Storing binary data in SQLite
Storing images into a database is not common, usually you store only the file name, but sometimes it can be useful. Think you must log the position of several objects on a map. You can store the map and the logs in different files, but if your users have to share map and logs and they are not geek people, it can be a serious problem.
Remember that, of course, store files into a database makes the storage space more expensive. However, if you have to store one or few files it’s not a big problem. :-)
Consider the following database schema:
CREATE TABLE map ( name varchar(20) NOT NULL PRIMARY KEY, image_file blob NOT NULL ); CREATE TABLE logs ( -- <your logs schema here> );
Let’s start to code:
import Image import StringIO from pysqlite2 import dbapi2 as sqlite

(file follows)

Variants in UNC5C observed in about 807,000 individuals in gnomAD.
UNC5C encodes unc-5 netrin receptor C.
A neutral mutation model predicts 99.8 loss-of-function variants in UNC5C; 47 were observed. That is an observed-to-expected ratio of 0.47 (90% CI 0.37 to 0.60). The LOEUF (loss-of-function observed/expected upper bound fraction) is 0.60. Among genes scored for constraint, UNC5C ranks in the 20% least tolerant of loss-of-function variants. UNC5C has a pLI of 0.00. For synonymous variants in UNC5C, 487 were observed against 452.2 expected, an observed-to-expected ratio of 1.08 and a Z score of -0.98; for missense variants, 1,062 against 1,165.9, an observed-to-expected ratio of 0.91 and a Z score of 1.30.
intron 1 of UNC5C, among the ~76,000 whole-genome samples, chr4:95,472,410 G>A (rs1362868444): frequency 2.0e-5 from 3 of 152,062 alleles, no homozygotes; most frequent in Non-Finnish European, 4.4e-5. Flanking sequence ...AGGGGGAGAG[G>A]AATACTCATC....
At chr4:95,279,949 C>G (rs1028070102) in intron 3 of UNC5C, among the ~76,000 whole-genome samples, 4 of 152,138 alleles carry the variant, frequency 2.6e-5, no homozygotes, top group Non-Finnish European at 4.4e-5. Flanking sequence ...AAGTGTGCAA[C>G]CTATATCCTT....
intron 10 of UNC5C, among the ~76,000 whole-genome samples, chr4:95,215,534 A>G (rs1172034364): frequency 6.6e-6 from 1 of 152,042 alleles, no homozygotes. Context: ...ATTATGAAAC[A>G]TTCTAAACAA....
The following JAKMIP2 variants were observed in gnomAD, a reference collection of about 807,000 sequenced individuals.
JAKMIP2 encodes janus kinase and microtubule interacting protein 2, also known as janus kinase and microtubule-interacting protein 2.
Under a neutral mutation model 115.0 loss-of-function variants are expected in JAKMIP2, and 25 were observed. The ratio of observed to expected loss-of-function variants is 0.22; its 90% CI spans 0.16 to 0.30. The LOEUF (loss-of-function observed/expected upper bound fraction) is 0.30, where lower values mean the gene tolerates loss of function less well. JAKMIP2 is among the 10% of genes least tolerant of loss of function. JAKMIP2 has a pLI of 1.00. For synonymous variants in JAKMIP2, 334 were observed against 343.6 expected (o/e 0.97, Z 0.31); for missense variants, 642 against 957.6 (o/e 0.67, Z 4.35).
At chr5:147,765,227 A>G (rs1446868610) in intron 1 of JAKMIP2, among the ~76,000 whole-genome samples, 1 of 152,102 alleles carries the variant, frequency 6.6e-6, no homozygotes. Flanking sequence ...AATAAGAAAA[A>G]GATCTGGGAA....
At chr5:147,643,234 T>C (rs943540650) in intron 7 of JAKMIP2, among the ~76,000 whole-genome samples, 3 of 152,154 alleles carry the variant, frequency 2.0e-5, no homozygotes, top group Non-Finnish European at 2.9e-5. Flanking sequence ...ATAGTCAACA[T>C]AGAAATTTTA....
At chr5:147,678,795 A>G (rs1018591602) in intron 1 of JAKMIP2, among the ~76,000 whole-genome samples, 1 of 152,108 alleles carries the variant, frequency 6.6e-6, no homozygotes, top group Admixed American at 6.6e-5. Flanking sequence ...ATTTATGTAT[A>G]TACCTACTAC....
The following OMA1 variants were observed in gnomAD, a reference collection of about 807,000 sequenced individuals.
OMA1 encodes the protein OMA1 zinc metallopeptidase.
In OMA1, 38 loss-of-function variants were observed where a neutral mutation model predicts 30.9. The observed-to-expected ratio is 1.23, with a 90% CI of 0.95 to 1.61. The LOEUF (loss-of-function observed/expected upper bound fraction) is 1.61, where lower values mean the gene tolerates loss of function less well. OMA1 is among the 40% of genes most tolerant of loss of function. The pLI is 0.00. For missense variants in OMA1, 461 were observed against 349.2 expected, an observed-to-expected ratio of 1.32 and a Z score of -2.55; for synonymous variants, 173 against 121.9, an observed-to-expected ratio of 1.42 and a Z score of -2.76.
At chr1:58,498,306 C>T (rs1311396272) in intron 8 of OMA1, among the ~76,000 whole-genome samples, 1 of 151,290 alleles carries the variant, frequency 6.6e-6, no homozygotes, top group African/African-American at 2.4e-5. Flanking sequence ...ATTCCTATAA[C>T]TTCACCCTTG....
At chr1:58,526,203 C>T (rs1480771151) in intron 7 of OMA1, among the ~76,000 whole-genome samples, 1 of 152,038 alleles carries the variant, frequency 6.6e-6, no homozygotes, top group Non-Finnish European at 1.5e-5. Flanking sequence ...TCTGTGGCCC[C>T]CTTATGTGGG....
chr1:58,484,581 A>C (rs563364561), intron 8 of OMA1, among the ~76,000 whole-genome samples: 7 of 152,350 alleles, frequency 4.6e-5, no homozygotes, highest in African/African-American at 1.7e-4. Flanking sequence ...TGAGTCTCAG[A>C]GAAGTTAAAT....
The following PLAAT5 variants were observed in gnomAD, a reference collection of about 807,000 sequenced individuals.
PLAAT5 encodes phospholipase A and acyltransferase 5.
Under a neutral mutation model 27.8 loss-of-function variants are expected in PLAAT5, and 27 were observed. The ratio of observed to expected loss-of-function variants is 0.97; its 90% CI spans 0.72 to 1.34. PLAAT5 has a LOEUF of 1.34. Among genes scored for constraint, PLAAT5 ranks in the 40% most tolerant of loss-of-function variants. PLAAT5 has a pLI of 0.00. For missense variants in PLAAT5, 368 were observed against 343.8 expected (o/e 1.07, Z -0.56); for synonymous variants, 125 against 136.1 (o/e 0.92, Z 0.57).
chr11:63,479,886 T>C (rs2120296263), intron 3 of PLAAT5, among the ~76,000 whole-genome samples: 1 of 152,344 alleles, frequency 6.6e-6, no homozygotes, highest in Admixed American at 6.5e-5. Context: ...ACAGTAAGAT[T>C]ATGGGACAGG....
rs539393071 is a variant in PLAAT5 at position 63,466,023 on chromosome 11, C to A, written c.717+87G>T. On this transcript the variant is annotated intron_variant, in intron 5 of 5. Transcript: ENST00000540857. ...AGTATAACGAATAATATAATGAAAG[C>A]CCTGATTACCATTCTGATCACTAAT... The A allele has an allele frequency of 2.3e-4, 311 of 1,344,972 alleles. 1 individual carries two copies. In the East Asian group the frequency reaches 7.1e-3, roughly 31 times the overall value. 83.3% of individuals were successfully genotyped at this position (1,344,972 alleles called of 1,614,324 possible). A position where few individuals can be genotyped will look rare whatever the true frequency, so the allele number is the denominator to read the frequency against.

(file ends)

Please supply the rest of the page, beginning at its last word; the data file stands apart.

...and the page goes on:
Storing an image into the database is very simple:
def storeInDatabase(cur, image_name, data): cur.execute("INSERT INTO map (name, image_file) values (?, ?)", (image_name, sqlite.Binary(data)) ) con.commit()
N.B. As said by Fredrik Lundh, SQLite <3.0 has a limitation of 1 MB for each row of data, and the database uses NUL bytes to separate columns in the storage.
Retrieve the previously image stored is simple too:
def retrieveFromDatabase(cur, image): cur.execute("SELECT image_file FROM map WHERE name = ?", (image,)) img = cur.fetchone() return StringIO.StringIO(img)
I use StringIO.StringIO because
cur.fetchone() returns a buffer-object and
I want a file-object instead. ;)
You can test with:
if __name__ == '__main__': IMAGE = 'Surf.jpg' i = open(IMAGE, 'rb') idata = i.read() i.close() con = sqlite.connect('blob.db') cur = con.cursor() try: storeInDatabase(cur, image_name=IMAGE, data=idata) except sqlite.IntegrityError: print 'You have stored this map already' img = retrieveFromDatabase(cur, IMAGE) cur.close() Image.open(img).show()
The whole exampleis here: blobexample.py.